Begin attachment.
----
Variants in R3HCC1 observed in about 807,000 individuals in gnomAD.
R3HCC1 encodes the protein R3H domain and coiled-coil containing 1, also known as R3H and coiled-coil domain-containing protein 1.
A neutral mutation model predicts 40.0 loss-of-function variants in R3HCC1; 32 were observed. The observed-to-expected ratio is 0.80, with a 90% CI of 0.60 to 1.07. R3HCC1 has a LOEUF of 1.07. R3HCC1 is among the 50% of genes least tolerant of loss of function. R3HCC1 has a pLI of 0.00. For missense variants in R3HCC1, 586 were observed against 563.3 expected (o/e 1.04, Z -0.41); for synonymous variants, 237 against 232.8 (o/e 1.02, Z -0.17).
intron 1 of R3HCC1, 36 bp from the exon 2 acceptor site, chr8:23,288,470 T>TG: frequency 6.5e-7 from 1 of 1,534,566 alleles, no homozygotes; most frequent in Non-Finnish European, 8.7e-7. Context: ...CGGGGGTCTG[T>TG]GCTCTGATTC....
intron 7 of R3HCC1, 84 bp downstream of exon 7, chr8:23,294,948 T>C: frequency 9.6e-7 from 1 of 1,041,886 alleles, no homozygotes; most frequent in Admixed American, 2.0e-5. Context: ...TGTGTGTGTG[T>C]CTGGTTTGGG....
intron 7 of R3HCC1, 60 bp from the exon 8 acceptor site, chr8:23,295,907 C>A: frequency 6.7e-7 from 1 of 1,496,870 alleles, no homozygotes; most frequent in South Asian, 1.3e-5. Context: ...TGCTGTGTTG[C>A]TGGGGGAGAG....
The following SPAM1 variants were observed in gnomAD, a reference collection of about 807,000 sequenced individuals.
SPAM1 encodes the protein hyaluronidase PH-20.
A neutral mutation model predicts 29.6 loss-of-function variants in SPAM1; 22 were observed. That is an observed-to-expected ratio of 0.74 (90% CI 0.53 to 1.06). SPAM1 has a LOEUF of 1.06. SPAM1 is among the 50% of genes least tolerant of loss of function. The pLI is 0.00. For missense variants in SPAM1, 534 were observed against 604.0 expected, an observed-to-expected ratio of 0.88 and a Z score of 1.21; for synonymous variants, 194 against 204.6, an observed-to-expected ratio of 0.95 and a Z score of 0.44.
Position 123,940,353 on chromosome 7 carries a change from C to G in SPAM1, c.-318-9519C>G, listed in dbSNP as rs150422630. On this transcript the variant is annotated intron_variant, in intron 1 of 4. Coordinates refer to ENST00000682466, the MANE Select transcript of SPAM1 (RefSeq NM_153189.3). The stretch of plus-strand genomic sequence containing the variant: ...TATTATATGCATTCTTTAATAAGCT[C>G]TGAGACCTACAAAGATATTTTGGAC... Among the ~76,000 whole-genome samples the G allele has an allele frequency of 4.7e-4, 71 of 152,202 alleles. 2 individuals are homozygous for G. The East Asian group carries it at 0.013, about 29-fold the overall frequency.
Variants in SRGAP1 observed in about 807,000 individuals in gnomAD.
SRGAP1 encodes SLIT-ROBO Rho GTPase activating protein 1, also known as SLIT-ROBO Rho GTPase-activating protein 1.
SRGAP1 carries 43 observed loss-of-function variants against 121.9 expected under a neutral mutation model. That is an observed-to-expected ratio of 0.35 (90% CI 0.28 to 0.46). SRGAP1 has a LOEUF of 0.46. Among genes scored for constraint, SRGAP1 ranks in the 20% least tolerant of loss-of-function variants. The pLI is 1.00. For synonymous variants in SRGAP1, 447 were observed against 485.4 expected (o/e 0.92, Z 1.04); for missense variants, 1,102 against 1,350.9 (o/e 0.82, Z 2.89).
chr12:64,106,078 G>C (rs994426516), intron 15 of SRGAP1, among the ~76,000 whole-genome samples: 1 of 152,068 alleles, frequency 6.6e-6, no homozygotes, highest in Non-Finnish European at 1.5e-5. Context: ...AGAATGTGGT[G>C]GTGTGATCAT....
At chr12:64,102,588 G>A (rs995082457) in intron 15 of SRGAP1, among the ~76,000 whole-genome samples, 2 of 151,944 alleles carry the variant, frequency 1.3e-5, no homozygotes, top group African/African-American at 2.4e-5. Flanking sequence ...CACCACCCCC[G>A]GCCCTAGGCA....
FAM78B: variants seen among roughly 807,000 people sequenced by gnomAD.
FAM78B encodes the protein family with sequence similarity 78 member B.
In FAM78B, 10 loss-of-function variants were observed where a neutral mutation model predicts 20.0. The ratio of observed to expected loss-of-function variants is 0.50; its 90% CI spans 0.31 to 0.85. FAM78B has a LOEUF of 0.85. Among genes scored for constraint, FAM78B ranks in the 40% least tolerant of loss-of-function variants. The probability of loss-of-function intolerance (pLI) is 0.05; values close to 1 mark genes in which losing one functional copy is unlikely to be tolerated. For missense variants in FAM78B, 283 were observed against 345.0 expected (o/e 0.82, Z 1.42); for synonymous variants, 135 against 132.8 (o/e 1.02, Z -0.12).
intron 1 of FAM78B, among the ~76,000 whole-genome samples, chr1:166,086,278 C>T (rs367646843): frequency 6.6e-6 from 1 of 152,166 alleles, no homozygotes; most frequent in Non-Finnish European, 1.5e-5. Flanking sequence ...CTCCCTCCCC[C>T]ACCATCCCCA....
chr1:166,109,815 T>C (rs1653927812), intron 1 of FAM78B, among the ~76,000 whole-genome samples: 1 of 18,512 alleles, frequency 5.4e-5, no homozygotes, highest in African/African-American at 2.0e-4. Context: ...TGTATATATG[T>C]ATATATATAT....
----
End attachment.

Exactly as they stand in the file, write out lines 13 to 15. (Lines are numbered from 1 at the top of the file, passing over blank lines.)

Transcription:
SRGAP1 carries 43 observed loss-of-function variants against 121.9 expected under a neutral mutation model. That is an observed-to-expected ratio of 0.35 (90% CI 0.28 to 0.46). SRGAP1 has a LOEUF of 0.46. Among genes scored for constraint, SRGAP1 ranks in the 20% least tolerant of loss-of-function variants. The pLI is 1.00. For synonymous variants in SRGAP1, 447 were observed against 485.4 expected (o/e 0.92, Z 1.04); for missense variants, 1,102 against 1,350.9 (o/e 0.82, Z 2.89).
chr12:64,106,078 G>C (rs994426516), intron 15 of SRGAP1, among the ~76,000 whole-genome samples: 1 of 152,068 alleles, frequency 6.6e-6, no homozygotes, highest in Non-Finnish European at 1.5e-5. Context: ...AGAATGTGGT[G>C]GTGTGATCAT....
At chr12:64,102,588 G>A (rs995082457) in intron 15 of SRGAP1, among the ~76,000 whole-genome samples, 2 of 151,944 alleles carry the variant, frequency 1.3e-5, no homozygotes, top group African/African-American at 2.4e-5. Flanking sequence ...CACCACCCCC[G>A]GCCCTAGGCA....